I Just Really Like Soup
This week, I’d like to talk about one of my favorite things in the world: soup. To me, soup isn’t just something to enjoy during the colder fall and winter months. It’s something to be enjoyed and celebrated all year round. In all (or at least most) of its forms, soup is an incredible gift to us. There are so many possibilities out there just by using a simple array of vegetables, meats, grains, and broths.
I’ve been eating soup regularly since childhood, where my mother would make soup a lot. She would always make soup from scratch—canned soup is not really included in my love of soup, but can still be useful for casseroles, etc.—the way that her mom did. My mom is from Poland and soup is a pretty big deal there. When I was in Poland, we’d always have a small cup of soup before eating our main dish for the day. When I was at home most of the time, I’d eat soup during many different occasions. Even though I’m older now, my mom will still make soup while thinking of me (and my brother, I guess) and store them in old pasta sauce jars, freeze them, and give them to me to reheat when I come home to visit. Not only is this very thoughtful, but also helpful in that I have a few less days to meal prep that week. Soup really does feel like home.
While they are all called soup, each kind of soup brings something different to the table. All soups are good—except gazpacho, that’s a weird one I don’t know how to feel about.
Chicken noodle is probably the most classic of all classic soups. My mom makes the best chicken noodle I’ve ever had. I know that it’s the charred onion she puts in there that makes it so flavorful, but I haven’t been able to successfully achieve this technique. My chicken noodle soup is pretty good, but it’s nowhere near as amazing as my mom’s. This is peak comfort food.
I know most American tomato soup fans are talking about a tomato bisque, a soup that is equally consistent throughout, a perfect pairing with a grilled cheese sandwich and/or some croutons. This is a fine soup, but I prefer a different kind of tomato soup. Growing up we had one that’s more in consistency with a brothier soup. We (my mom) would cook tomatoes down to its essence, mix it with broth and a little bit of sour cream. There was sometimes chicken in there, and some carrots to absorb the acid. Then we’d put noodles, rice, or barley in it. This is my preferred way to eat tomato soup.
What better way of repurposing holiday ham leftovers than by making a baked potato soup? I mean, you can make baked potato soup whenever you want but who has a bunch of good, thick cuts of ham lying around on a normal day? Anyways, this is a very hearty, comforting soup. It’s better than a real baked potato because regular baked potatoes are kinda not that great.
I love a soup that always comes in the most gigantic bowl to exist, and that’s what pho is. The broth, meat, and noodle combination for this soup is fantastic. I will never try to make this soup myself because the experts already do it so well.
This is cucumber soup, but not the cold cucumber soup you might be thinking of. It’s made with cucumbers in brine, which my family lazily calls “pickles” even though pickles are pickled in vinegar, not brine. That being said, my family calls this “pickle soup” which objectively sounds disgusting. This is a sour soup, which also may sound bad. It is not. I love this soup.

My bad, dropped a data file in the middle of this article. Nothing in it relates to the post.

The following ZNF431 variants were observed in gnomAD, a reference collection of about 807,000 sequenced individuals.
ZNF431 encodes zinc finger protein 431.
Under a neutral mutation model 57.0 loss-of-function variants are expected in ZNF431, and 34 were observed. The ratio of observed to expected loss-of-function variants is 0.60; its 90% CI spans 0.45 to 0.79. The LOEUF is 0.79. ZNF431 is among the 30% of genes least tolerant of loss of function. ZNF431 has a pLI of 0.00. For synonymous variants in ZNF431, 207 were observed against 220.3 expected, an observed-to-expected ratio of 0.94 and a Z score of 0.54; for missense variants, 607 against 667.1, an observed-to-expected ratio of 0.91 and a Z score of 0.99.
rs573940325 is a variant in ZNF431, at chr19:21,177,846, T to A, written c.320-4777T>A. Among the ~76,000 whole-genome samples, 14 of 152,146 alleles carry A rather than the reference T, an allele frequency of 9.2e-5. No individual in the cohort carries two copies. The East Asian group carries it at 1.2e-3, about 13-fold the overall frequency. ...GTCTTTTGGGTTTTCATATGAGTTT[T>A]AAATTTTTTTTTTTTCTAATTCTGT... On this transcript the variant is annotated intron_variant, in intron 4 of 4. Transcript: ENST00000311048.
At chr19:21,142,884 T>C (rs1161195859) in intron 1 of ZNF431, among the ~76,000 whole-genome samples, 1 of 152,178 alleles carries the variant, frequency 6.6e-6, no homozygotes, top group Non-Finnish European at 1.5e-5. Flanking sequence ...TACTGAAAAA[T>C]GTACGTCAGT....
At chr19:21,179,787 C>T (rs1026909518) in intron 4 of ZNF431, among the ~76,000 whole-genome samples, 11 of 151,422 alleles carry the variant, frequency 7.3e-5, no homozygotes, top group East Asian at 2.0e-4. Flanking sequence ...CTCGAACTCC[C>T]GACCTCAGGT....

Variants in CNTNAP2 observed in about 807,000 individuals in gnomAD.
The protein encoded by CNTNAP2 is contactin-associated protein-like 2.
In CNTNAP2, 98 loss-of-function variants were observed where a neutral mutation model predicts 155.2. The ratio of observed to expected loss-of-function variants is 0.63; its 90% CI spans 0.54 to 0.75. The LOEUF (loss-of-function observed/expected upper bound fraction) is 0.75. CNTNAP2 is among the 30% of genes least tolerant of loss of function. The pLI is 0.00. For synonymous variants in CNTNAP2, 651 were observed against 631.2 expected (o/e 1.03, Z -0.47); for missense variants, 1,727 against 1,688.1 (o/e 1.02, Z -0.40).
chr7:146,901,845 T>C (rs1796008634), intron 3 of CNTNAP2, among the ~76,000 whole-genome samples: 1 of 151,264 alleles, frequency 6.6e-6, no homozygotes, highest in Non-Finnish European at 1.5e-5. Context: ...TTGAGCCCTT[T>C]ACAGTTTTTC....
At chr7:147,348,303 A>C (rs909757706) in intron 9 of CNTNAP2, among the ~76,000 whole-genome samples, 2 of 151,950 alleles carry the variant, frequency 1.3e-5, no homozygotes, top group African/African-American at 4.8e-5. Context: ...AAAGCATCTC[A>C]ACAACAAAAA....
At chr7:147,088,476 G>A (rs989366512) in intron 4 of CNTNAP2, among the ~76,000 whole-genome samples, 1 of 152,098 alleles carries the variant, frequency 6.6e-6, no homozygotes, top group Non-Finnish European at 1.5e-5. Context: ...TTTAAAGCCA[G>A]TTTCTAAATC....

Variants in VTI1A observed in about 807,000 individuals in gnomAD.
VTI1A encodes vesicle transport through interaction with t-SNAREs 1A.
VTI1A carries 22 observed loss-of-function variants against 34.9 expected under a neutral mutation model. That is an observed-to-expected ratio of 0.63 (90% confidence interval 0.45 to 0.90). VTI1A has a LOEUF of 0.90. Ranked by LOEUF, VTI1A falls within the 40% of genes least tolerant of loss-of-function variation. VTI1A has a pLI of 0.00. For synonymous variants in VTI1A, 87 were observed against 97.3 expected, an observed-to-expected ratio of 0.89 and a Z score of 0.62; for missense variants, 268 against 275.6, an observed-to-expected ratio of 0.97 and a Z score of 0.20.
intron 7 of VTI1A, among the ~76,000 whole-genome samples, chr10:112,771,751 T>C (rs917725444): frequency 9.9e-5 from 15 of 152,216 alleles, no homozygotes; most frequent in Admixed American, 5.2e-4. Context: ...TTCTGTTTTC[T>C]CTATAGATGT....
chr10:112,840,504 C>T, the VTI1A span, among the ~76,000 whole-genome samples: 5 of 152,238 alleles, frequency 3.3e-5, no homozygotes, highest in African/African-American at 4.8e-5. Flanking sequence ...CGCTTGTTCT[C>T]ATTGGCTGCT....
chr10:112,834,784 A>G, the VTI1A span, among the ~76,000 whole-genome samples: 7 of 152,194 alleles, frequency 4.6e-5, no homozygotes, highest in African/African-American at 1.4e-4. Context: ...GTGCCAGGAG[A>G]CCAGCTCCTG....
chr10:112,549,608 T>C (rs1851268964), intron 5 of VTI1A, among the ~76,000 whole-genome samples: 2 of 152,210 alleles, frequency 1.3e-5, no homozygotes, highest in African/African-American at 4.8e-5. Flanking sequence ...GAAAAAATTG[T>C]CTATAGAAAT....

One of my biggest accomplishments as an adult is being able to make a really good chicken tortilla soup in a crock pot. Did I get into chicken tortilla soup because it’s a great vehicle for cheese and tortilla chips? Maybe. It’s my go-to soup for making a ridiculous amount of soup all at once. My mom’s coworker’s loved it, my roommate said it’s very good, and even my very picky coworker said it was nice. If I had to survive on one recipe my whole life, it would be this soup.
Beet soup sounds bad but it’s actually good! Russians eat it kinda creamy I think. I’ve never had it that way. We usually put little mushroom dumplings in it and it’s really good. This is typically a special soup just for Christmas. Something about the blood of Christ (that’s a lie, but it definitely looks like blood and stains way worse).
Mushrooms are so good, and they’re even better in a soup.
This is the ultimate soupy vehicle for bread and cheese. In fact, bread and cheese are necessary for French onion soup to exist—otherwise it would just be called onions in broth soup and that’s not very exciting or good. The traditional way of being baked in an oven for a little bit before serving is good, but we all know that it’s best when served in a bread bowl.
Either instant or from an actual restaurant, ramen is a perfect comfort food. The toppings really make the dish, though. I love a good marinated soft-boiled egg. I could eat one every day. I shouldn’t eat them every day, but I definitely could. Ramen also traditionally comes in an absolutely gigantic bowl, which makes it a perfect soup.
Is chili a soup, or is it a stew? Is a stew also a soup? I’d like to think so. They’re all still quite liquid-y. On a cold day, I love working on a good crock pot chili. Mostly because I want to eat a lot of melted sharp cheddar cheese, and chili is a tasty and acceptable way to do that.
All Other Soups (except gazpacho)
To all the other soups that I forgot to mention, it’s not because I don’t love them too, but it’s because there are simply too many soups to list in a single hastily-written newsletter piece. Every soup has a place on this earth—even weird cold ones that don’t taste very good. I hope that reading this inspires you to eat some soup soon. I know it’s still kind of hot out outside (at least in the Midwest) but that’s no excuse for you to not eat some soup.